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COVID-19 update | J&J to deliver coronavirus vaccine to Europe from April 19

The pharmaceutical giant's jab was approved by European Union regulators in mid-March, following approval of vaccines made by Pfizer-BioNTech, Moderna and AstraZeneca.

March 29, 2021 / 10:46 PM IST
Johnson & Johnson. | Representative Image (PC-Reuters)

Johnson & Johnson. | Representative Image (PC-Reuters)

Johnson & Johnson said Monday it would start delivering its single-shot Covid vaccine to Europe on April 19, giving the continent a boost as it struggles to speed up its vaccination drive.

The pharmaceutical giant's jab was approved by European Union regulators in mid-March, following approval of vaccines made by Pfizer-BioNTech, Moderna and AstraZeneca.

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The 27-nation EU has signed a firm order for 200 million J&J doses and an option for 200 million more.

As well as being the first that requires just a single injection rather than two, the Johnson & Johnson vaccine is easier to store.

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COVID-19 Vaccine

Frequently Asked Questions

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How does a vaccine work?

A vaccine works by mimicking a natural infection. A vaccine not only induces immune response to protect people from any future COVID-19 infection, but also helps quickly build herd immunity to put an end to the pandemic. Herd immunity occurs when a sufficient percentage of a population becomes immune to a disease, making the spread of disease from person to person unlikely. The good news is that SARS-CoV-2 virus has been fairly stable, which increases the viability of a vaccine.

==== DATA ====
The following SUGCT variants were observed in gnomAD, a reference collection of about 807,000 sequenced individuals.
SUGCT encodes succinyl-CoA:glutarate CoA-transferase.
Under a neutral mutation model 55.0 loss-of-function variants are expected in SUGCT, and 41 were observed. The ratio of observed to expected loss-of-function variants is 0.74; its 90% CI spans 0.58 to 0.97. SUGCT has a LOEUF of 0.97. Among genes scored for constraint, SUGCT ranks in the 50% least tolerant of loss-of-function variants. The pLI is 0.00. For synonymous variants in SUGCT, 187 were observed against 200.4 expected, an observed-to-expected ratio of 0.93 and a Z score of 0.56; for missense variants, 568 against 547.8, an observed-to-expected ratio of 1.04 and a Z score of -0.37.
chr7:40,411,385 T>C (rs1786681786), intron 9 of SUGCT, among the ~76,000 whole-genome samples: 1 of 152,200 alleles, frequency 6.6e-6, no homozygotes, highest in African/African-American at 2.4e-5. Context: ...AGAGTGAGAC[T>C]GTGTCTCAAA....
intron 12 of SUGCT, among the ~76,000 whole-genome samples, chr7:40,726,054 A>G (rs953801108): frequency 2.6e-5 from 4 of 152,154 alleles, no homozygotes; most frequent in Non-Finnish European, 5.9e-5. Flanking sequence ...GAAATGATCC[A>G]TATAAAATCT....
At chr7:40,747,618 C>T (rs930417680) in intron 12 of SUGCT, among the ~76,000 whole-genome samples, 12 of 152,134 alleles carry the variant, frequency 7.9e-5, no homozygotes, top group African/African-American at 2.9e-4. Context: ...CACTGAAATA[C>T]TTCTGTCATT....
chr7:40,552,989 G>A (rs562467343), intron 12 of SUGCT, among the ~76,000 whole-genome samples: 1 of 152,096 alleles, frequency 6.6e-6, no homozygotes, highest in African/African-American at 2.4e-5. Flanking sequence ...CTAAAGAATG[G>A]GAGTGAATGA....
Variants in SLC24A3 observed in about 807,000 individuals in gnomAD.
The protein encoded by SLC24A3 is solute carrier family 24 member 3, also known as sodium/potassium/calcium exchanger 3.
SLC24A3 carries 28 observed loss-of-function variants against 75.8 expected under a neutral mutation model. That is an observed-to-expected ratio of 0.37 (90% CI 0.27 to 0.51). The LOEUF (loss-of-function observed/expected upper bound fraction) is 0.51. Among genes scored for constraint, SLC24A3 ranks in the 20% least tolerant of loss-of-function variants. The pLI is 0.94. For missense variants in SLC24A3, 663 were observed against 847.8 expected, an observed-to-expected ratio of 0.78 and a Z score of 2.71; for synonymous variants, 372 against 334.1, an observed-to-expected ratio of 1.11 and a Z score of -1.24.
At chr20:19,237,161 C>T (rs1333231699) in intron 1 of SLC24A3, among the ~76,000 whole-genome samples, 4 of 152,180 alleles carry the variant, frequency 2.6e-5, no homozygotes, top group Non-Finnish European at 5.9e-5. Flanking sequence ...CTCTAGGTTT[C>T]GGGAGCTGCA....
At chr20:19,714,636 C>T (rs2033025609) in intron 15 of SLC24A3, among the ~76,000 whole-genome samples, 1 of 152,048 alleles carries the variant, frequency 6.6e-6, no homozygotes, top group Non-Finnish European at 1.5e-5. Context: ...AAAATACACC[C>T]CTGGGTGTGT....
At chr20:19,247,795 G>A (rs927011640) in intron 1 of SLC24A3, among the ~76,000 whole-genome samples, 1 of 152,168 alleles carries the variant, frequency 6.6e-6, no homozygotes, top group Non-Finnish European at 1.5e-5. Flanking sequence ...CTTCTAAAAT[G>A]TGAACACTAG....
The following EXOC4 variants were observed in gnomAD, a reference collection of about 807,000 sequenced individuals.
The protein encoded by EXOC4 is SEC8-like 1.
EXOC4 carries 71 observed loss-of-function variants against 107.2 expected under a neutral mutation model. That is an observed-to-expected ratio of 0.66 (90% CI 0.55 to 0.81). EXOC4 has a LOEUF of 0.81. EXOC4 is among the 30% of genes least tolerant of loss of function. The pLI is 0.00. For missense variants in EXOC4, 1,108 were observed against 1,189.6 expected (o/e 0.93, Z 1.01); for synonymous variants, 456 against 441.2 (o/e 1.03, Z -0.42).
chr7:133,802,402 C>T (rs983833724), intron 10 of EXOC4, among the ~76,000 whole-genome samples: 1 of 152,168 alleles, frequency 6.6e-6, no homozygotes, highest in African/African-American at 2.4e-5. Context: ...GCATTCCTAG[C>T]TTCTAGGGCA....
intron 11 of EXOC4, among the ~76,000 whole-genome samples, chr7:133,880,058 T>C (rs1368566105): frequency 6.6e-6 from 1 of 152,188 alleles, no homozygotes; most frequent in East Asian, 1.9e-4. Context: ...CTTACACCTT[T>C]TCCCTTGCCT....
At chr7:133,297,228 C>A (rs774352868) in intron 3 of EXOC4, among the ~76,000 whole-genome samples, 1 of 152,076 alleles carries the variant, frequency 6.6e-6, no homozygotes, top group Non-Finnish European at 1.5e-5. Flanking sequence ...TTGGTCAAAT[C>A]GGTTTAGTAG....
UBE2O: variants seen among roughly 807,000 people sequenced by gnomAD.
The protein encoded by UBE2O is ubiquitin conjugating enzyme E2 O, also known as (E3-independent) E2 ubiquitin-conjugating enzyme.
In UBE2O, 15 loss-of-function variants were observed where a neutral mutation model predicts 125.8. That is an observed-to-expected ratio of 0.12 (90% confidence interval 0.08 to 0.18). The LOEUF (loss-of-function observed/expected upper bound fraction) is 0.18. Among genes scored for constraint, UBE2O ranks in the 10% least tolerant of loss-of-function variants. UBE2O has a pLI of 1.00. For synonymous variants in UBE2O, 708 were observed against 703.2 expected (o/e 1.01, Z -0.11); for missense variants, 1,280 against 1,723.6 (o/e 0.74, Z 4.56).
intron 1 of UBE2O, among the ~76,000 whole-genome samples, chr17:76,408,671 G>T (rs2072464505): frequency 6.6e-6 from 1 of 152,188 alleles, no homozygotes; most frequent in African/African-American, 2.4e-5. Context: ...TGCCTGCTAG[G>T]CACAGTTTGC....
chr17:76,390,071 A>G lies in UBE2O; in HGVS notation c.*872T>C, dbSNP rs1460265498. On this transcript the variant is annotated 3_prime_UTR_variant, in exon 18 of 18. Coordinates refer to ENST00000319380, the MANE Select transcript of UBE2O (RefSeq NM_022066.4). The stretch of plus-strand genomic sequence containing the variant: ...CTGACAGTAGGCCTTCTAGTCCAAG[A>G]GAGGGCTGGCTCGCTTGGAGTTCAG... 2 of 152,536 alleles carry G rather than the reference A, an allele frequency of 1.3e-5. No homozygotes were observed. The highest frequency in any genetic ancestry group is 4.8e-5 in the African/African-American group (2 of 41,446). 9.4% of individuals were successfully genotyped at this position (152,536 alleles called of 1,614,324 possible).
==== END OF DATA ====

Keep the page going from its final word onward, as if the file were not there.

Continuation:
How many types of vaccines are there?

There are broadly four types of vaccine — one, a vaccine based on the whole virus (this could be either inactivated, or an attenuated [weakened] virus vaccine); two, a non-replicating viral vector vaccine that uses a benign virus as vector that carries the antigen of SARS-CoV; three, nucleic-acid vaccines that have genetic material like DNA and RNA of antigens like spike protein given to a person, helping human cells decode genetic material and produce the vaccine; and four, protein subunit vaccine wherein the recombinant proteins of SARS-COV-2 along with an adjuvant (booster) is given as a vaccine.

What does it take to develop a vaccine of this kind?

Vaccine development is a long, complex process. Unlike drugs that are given to people with a diseased, vaccines are given to healthy people and also vulnerable sections such as children, pregnant women and the elderly. So rigorous tests are compulsory. History says that the fastest time it took to develop a vaccine is five years, but it usually takes double or sometimes triple that time.

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The EMA gave the green light after saying clinical trials involving volunteers in the United States, South Africa and South American countries found the J&J jab was 67 percent effective at preventing people from getting Covid.

Several European countries have enacted new restrictions to curb a surge of infections, as vaccination campaigns have been slower than in other countries such as the United States or Britain.
AFP

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